Abstract #107

# 107
F. Fieni*1, C. Grant1, J. Gard-Schnuelle1, G. Perry1, C. Wrenzycki1, P. Blondin1, 1%%International Embryo Technology Society, Health and Scientific Advisory Committee,.

Embryo transfer and artificial insemination are utilised nationally and internationally for the introduction, improvement, and preservation of livestock genetics. Embryos present a lower risk of infectious disease transmission than do live animals. In order to maintain the sanitary security and to facilitate the trade of embryos and semen worldwide, the Health and Scientific Advisory Committee of the International Embryo Technology Society designed, developed, and conducted a survey to determine research priority. The survey questionnaire was sent to 32 government representatives and 76 embryo transfer and artificial insemination industry representatives around the world to countries where artificial breeding industries are active and well developed. A total of 16 answers were received, 9/32 (28%) from government representatives and 7/76 (9%) from industry representatives. The global feedback was 15%. The survey indicated that, in terms of research priority, embryos and semen were equally important. With regards to embryo research priorities, the survey results ranked in vitro-produced embryos research as the most important, followed by in vitro-derived embryos, and then oocytes. Apart from scrapie for embryos and Campylobacteriosis for semen, research priorities were similar for the major pathogens of embryos and semen, in particular, bovine viral diarrhoea and paratuberculosis (Johne’s disease; Table 1). Emerging or less common diseases were not forgotten. Other diseases suggested but not listed in Table 1 included bluetongue, foot and mouth disease, lentivirus, arbovirus, bovine tuberculosis, porcine epidemic diarrhoea, porcine reproductive and respiratory syndrome, African swine fever, and ovine pulmonary adenocarcinoma (Jaagsiekte). The survey highlighted the need to focus research largely on ruminant species (Table 1). Other issues identified by the survey included (i) alternative or indirect processes for determining the sanitary quality of in vitro-produced embryo as for in vitro-derived embryos, including standardized testing of discarded oocytes or testing culture media for pathogens with validated PCR techniques, (ii) safe sanitary techniques for the perforation of the zona pellucida for biopsy, for pre-implantation genetics and for diagnostic purposes, (iii) recommendations for international trade in embryos or semen originating from vaccinated donors, and (iv) use of biologicals for disinfecting embryos during washing procedures. Table 1. Answers (%) to the questions: Which pathogens (species) represent the most urgent research need? (answers with results <5% are not listed)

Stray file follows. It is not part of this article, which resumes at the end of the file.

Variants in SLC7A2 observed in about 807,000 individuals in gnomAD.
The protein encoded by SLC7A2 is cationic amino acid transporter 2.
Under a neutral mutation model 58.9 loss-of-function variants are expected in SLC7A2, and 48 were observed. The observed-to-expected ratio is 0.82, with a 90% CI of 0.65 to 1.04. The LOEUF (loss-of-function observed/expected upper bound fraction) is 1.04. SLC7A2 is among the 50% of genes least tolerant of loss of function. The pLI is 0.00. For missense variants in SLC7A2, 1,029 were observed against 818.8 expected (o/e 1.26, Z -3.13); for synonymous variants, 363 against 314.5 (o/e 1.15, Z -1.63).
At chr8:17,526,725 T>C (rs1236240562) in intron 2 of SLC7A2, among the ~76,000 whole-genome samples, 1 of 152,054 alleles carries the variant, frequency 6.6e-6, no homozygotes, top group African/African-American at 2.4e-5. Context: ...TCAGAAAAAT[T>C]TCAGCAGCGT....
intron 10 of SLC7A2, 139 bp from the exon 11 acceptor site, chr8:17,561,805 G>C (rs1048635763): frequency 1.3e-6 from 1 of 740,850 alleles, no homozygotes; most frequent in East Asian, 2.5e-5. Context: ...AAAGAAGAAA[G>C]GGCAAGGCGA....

Q fever (Coxiella burnetii)107
 Enzootic bovine leucosis1010.5
 Bovine viral diarrhoea1510.5
 Infectious bovine rhinotracheitis109